Tips for starting a business in Germany

Tips for starting a business in Germany

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If you are setting up a business in Germany, here's a guide on market opportunities and how to navigate German regulations for foreigners starting a business in Germany.

Plenty of English speakers have taken their chances starting a business in Germany, ranging from relatively small companies such as English-language schools, Irish pubs and English-language bookshops, to bigger investments in the high-tech sector. Certain nationals can also apply for a German work permit for the purpose of setting up a business.

German opportunities for the ambitious

With German law making no distinction between Germans and foreigners in the establishment of companies and no restrictions on the repatriation of profits, nothing stands in the way of ambitious expatriate entrepreneurs with a little capital. However, nationals from outside the EU/EEA/Switzerland may need a visa or work permit in order to legally reside and work in Germany. Read more about German visas and permits, and getting a German work permit.

The basics of German company law have many similarities to those in English-speaking countries. It distinguishes between limited liability companies (equivalent to a British limited company), joint stock companies (equivalent of a British Public Limited Company), and various forms of partnerships. It is normally advisable to have a lawyer help you decide which is the most suitable for your needs and go through the necessary official rigmarole.

Jumping the hurdles

Before starting the race through bureaucratic hurdles, it is recommendable that you evaluate your business’s chances and risks and to prepare a business-plan. This business-plan is mandatory when talking to banks or applying for benefits at German authorities.

The kind of business and financial strength in most cases determines the form of company for your business.

Whatever form of company you choose, you will need to tackle a  number of bureaucratic hurdles. The first important steps are to contact a financial or tax advisor. They will know if it is necessary to hire a notary and how to register the business at the local court (amtsgericht). Shortly after this, the chamber of commerce should contact you, having received your details from the commercial register.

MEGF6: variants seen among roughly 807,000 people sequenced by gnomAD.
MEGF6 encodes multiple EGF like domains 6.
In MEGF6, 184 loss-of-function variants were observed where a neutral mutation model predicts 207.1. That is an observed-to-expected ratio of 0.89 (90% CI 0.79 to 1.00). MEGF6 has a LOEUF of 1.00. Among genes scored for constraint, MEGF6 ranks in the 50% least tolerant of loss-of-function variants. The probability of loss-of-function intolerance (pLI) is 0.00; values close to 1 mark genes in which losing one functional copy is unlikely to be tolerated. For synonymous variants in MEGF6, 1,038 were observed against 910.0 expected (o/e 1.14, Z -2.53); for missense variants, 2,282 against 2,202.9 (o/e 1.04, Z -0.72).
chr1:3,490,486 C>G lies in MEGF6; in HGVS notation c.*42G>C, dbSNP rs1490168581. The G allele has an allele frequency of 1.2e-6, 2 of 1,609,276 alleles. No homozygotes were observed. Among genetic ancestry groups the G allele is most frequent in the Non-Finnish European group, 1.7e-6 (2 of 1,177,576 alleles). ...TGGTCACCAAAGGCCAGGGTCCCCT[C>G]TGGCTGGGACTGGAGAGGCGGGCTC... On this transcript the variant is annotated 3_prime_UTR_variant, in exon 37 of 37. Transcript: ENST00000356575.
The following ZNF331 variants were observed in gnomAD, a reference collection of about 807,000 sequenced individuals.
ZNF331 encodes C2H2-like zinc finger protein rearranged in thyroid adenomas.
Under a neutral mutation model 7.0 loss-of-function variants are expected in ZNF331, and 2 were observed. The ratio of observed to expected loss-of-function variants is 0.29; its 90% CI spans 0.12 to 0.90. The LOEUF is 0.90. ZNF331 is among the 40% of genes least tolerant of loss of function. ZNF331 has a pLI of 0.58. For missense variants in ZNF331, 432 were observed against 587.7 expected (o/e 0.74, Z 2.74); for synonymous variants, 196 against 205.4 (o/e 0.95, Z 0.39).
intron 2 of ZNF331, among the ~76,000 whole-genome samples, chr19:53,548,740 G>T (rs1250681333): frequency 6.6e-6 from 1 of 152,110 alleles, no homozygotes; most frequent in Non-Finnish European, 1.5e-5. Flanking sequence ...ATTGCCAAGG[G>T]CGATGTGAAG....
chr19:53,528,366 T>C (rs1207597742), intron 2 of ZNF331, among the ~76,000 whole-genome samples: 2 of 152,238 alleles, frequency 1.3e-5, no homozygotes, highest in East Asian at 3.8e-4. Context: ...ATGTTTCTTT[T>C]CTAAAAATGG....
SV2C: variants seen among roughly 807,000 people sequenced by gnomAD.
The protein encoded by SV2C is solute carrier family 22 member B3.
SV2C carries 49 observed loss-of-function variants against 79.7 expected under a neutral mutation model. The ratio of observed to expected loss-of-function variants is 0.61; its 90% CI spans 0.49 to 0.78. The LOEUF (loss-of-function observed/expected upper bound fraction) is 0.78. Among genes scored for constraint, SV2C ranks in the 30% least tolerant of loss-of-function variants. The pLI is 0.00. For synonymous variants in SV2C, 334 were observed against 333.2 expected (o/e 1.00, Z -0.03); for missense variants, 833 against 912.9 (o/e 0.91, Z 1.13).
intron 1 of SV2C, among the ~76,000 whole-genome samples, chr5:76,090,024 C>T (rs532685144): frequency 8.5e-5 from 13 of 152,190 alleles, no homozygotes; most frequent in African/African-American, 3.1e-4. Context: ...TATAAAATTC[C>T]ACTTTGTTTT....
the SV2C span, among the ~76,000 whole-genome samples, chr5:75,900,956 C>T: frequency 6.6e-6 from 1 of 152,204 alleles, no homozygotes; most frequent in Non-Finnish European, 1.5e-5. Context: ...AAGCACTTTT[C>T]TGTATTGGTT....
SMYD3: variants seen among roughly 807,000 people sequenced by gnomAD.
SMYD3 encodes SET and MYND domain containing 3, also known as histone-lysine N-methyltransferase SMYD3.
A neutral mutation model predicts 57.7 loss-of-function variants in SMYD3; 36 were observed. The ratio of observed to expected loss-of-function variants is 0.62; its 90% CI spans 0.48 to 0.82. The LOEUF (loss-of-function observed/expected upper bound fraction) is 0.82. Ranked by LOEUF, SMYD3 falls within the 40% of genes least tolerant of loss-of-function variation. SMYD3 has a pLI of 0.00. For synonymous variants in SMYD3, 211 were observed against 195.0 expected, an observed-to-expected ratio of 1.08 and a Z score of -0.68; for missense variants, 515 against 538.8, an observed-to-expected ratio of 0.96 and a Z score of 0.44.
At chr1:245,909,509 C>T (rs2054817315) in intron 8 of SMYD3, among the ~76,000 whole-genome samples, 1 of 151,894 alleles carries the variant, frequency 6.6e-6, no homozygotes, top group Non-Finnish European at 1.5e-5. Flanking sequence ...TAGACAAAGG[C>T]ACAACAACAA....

The next step is to organise two sets of tax registration, one for commercial tax at the so-called Gewerbesteueramt and one at the local tax office (finanzamt). After this it is possible to obtain a certificate of registration (gewerbeanmeldeschein) and to commence business.

Expat entrepreneurs in Germany

And how do expatriate founders of companies deal with this system? Paul Gurner runs St. George's Bookshop (Wörther Strasse 27 in Prenzlauer Berg), one of the best places in Berlin for second-hand English-language books. He says that bureaucracy was one of the biggest obstacles they faced when they set up the company around seven years ago.

Getting hold of permits to open a business was a problem, as was taking on staff. "Employing non-Germans can be tricky. You have to show that you aren't taking a job away from a German," he says. "You have to inform the job centre about the vacancy and they send people round – even if you have someone lined up."

Be prepared

Gurner, who has started several companies in England, thinks that it is more straightforward to set up one there than in Germany. That did not put him off, though, despite the language barrier when he first started.
And what advice would he give for starting a business in Germany? "Do lots of preparation beforehand. It took us six months," he says, "and use a tax consultant."

Expatriate business start-ups in Germany are of course vulnerable to cash flow problems, with some clients slow to pay up and banks not always keen to extend overdrafts for developing firms. Gurner says it is vital to be patient and not expect to make a lot of money at the start, but as he observes, "that's true everywhere."

Setting up a business in Germany
Straightforward

A guide to German company forms: GmbH The most common form of company is the limited liability company, mostly known by the acronym GmbH, which corresponds to a British Limited Company (Ltd.). Share capital must be at least EUR 25,000.

Since 2008, entrepreneurs have been able to start a so called Mini-GmbH (unternehmergesellschaft haftungsbeschränkt). This form of company was developed especially for start-ups, as the bureaucratic efforts are simplified and the minimum share capital is reduced to EUR 1.00.

Nightmare complications

Another expatriate entrepreneur is Alan Twigg from Sheffield, who came to Germany as a lorry driver 15 years ago.

He is now involved in three businesses here, including a translation agency and an online audiobook firm (www.playtime-books.com) from his base in Neuenburg in northern Germany.

He does not find Germany very open towards freelance work and business start-ups. "I think British people are more entrepreneurial," he says, and is glad that he deals only with freelancers and so avoids the "nightmare" complications of German labour law.